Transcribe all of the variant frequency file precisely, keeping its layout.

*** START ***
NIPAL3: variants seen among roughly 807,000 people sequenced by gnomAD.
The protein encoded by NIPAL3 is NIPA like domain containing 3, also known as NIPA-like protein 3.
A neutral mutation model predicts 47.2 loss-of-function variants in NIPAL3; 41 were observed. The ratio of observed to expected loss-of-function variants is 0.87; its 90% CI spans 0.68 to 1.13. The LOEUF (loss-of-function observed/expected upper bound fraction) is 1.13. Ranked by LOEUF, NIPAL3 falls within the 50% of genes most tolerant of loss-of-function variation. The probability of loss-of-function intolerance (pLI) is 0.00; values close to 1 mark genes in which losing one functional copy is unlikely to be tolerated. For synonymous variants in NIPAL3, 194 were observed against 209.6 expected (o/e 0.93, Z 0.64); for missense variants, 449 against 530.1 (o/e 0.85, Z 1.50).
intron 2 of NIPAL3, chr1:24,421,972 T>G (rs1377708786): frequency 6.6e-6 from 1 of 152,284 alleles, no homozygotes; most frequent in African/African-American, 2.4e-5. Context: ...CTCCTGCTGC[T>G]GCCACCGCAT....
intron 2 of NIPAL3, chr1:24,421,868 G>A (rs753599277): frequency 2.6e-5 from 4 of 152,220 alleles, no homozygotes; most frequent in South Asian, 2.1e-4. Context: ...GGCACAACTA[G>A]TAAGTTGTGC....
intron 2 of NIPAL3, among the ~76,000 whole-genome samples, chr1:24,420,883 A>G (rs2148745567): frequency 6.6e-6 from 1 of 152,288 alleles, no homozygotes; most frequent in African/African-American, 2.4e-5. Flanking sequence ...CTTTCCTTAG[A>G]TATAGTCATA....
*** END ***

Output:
NIPAL3: variants seen among roughly 807,000 people sequenced by gnomAD.
The protein encoded by NIPAL3 is NIPA like domain containing 3, also known as NIPA-like protein 3.
A neutral mutation model predicts 47.2 loss-of-function variants in NIPAL3; 41 were observed. The ratio of observed to expected loss-of-function variants is 0.87; its 90% CI spans 0.68 to 1.13. The LOEUF (loss-of-function observed/expected upper bound fraction) is 1.13. Ranked by LOEUF, NIPAL3 falls within the 50% of genes most tolerant of loss-of-function variation. The probability of loss-of-function intolerance (pLI) is 0.00; values close to 1 mark genes in which losing one functional copy is unlikely to be tolerated. For synonymous variants in NIPAL3, 194 were observed against 209.6 expected (o/e 0.93, Z 0.64); for missense variants, 449 against 530.1 (o/e 0.85, Z 1.50).
intron 2 of NIPAL3, chr1:24,421,972 T>G (rs1377708786): frequency 6.6e-6 from 1 of 152,284 alleles, no homozygotes; most frequent in African/African-American, 2.4e-5. Context: ...CTCCTGCTGC[T>G]GCCACCGCAT....
intron 2 of NIPAL3, chr1:24,421,868 G>A (rs753599277): frequency 2.6e-5 from 4 of 152,220 alleles, no homozygotes; most frequent in South Asian, 2.1e-4. Context: ...GGCACAACTA[G>A]TAAGTTGTGC....
intron 2 of NIPAL3, among the ~76,000 whole-genome samples, chr1:24,420,883 A>G (rs2148745567): frequency 6.6e-6 from 1 of 152,288 alleles, no homozygotes; most frequent in African/African-American, 2.4e-5. Flanking sequence ...CTTTCCTTAG[A>G]TATAGTCATA....